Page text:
Psalm 149 – The saints of God in praise to God here in the psalm as well as St. John’s vision – God remains faithful and consistent in his revelation of himself and his inspiration of his Word to us. This praise is appropriate to those who are young and spry enough to dance and sing and make merry, but also to those who are on their beds, those unable at the moment to dance and sing but who can still lift to God on their lips his praise for his promises to them, that He has and does and will adorn the humble with salvation. Is judgment an errant theme in this psalm? Is it out of place in some way? Hardly! For judgment is appropriate to any who would not simply reject but struggle and fight and claw against the good blessings of God, who would seek to keep others from this hope and joy. To the evil at work in our world and unfortunately those who are lost and caught in it, judgment is appropriate. Defeat is necessary. Evil must and will be judged and exiled, and all those who refuse to separate themselves from it must follow. To be faithful and resolute in this, not allowing the definitions of mercy and compassion to somehow be twisted to evil’s end – this is what God’s people are called to now and always, and always in praise of and worship of and to the glory of our God who has created and redeemed us.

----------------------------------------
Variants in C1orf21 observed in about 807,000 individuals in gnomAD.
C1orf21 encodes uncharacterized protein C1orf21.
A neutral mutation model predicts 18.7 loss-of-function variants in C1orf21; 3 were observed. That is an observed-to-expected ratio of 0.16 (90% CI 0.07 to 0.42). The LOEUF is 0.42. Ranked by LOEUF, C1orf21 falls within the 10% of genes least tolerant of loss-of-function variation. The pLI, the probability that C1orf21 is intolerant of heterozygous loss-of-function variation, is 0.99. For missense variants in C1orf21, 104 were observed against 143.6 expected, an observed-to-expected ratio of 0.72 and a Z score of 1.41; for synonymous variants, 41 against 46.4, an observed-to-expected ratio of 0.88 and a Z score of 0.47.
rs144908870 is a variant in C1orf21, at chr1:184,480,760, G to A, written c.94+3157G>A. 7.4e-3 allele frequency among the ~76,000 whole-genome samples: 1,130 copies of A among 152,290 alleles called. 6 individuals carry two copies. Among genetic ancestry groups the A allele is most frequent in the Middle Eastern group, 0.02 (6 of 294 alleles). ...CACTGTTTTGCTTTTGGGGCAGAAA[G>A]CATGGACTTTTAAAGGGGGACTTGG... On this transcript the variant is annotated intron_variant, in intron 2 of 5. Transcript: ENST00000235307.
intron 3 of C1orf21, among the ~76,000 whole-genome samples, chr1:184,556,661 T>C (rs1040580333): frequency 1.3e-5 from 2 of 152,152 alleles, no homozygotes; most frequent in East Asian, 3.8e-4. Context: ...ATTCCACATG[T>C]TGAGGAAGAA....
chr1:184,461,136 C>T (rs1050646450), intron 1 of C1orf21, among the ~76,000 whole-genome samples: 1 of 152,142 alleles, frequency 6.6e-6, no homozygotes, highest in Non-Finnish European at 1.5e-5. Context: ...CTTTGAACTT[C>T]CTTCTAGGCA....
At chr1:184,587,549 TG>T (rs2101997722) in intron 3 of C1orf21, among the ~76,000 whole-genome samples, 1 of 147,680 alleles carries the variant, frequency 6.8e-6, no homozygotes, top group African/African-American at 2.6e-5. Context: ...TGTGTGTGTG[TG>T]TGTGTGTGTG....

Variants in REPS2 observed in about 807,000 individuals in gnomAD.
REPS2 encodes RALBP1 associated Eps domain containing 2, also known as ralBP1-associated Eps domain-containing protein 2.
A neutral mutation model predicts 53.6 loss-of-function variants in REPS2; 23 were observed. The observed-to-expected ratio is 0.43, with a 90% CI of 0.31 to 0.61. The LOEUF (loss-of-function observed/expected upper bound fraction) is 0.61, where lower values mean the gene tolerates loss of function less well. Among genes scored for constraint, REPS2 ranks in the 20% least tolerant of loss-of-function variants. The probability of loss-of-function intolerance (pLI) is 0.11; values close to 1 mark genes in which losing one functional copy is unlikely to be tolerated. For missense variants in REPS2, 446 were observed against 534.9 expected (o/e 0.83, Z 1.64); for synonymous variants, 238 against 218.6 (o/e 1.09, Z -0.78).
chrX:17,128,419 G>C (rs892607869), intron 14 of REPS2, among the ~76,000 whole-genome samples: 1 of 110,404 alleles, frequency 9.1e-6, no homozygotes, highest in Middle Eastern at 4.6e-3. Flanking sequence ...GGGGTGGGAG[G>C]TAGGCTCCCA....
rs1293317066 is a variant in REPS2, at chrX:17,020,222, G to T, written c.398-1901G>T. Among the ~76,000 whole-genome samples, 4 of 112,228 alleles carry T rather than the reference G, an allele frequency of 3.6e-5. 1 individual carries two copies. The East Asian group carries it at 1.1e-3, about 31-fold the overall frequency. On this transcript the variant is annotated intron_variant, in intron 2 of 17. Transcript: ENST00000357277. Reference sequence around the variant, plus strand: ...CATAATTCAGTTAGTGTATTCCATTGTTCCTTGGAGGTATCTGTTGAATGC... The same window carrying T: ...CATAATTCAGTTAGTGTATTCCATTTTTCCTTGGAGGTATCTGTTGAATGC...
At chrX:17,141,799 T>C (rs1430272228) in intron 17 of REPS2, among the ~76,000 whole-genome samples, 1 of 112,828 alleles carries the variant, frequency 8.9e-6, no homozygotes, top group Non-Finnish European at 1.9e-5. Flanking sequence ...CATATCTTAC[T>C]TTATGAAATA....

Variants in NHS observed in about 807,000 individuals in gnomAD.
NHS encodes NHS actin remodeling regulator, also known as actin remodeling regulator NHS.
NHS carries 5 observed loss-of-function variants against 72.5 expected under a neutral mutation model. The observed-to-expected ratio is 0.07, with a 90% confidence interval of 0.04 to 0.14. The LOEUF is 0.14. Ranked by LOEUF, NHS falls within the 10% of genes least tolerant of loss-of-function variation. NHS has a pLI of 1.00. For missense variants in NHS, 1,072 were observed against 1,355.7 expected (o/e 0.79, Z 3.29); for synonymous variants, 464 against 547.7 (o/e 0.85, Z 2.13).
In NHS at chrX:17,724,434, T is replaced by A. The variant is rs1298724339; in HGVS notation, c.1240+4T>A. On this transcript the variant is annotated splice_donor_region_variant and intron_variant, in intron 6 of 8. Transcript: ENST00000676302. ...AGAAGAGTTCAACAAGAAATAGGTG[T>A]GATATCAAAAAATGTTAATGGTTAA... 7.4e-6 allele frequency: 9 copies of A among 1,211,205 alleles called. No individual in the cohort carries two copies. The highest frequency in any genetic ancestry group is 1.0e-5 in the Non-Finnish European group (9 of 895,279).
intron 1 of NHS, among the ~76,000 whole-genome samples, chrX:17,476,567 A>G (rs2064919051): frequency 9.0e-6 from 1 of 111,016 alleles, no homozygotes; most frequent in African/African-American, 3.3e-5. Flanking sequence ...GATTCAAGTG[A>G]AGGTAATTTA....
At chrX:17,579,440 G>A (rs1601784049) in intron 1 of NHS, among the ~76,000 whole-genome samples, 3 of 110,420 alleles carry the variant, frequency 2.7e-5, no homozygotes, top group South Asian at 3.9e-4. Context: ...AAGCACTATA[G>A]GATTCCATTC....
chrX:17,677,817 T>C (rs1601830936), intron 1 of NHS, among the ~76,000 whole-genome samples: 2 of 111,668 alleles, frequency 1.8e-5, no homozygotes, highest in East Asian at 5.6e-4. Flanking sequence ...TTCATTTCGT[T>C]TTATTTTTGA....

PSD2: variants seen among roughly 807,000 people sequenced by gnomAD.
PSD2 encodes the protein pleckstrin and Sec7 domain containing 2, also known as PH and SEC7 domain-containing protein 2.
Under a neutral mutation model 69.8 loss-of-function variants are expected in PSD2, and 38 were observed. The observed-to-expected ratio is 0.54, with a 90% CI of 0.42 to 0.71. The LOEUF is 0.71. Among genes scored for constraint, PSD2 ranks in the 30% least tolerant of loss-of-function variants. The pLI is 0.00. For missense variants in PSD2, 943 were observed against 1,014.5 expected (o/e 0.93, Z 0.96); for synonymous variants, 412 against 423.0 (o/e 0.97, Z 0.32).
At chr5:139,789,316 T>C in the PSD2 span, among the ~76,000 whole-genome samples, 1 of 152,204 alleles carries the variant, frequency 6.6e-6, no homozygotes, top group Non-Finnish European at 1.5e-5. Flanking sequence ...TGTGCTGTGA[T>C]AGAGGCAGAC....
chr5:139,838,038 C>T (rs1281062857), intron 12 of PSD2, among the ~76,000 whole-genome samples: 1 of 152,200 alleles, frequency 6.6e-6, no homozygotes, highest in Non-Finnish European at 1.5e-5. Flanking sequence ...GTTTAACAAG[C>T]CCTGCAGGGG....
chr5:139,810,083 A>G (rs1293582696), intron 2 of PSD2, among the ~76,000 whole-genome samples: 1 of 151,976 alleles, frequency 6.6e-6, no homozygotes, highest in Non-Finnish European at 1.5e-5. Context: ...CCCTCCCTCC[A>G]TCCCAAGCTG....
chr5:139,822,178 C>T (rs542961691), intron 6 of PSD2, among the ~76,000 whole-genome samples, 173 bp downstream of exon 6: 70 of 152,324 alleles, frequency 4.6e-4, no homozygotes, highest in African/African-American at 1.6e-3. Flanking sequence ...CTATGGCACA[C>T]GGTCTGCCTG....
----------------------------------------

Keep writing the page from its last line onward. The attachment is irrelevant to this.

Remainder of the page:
1 John 3:1-3 – God is good! This seems like an almost unnecessary thing to say, but it is crucial in a world which insists on calling God evil and tyrannical and unjust. It is not God who is evil and tyrannical and unjust, it is evil and sin in this world and even in our own hearts and minds. The love of God is that He wills to call us his children and to enable us to be his children. Those who fight against us in our faith do so because they have fundamentally missed or rejected the primal goodness of God the Father. They war with us because we are God’s children and this is a source of confusion and fear to them, lost as they are in the evil of false belief. They recognize us as God’s children in a limited sense, but mistake our continued sinful state as evidence that we aren’t really God’s children and that our hope is misplaced and ultimately evil. But one day the reality of our adoption as God’s sons and daughters will be clear to everyone – including ourselves. What we can’t see now, what Satan tempts us to doubt about ourselves now will one day be clear as day, unarguable, realer than any concept of reality we have now. It is towards this hope and assurance that those who place their faith in Christ live each day according to the good He has revealed and fulfilled. It is in that hope and assurance that we live by God’s directives rather than the whims of our heart or the demands of a corrupt culture and society. We cling to his promises that begin our transformation here and now, and will complete it in the day of Christ’s return.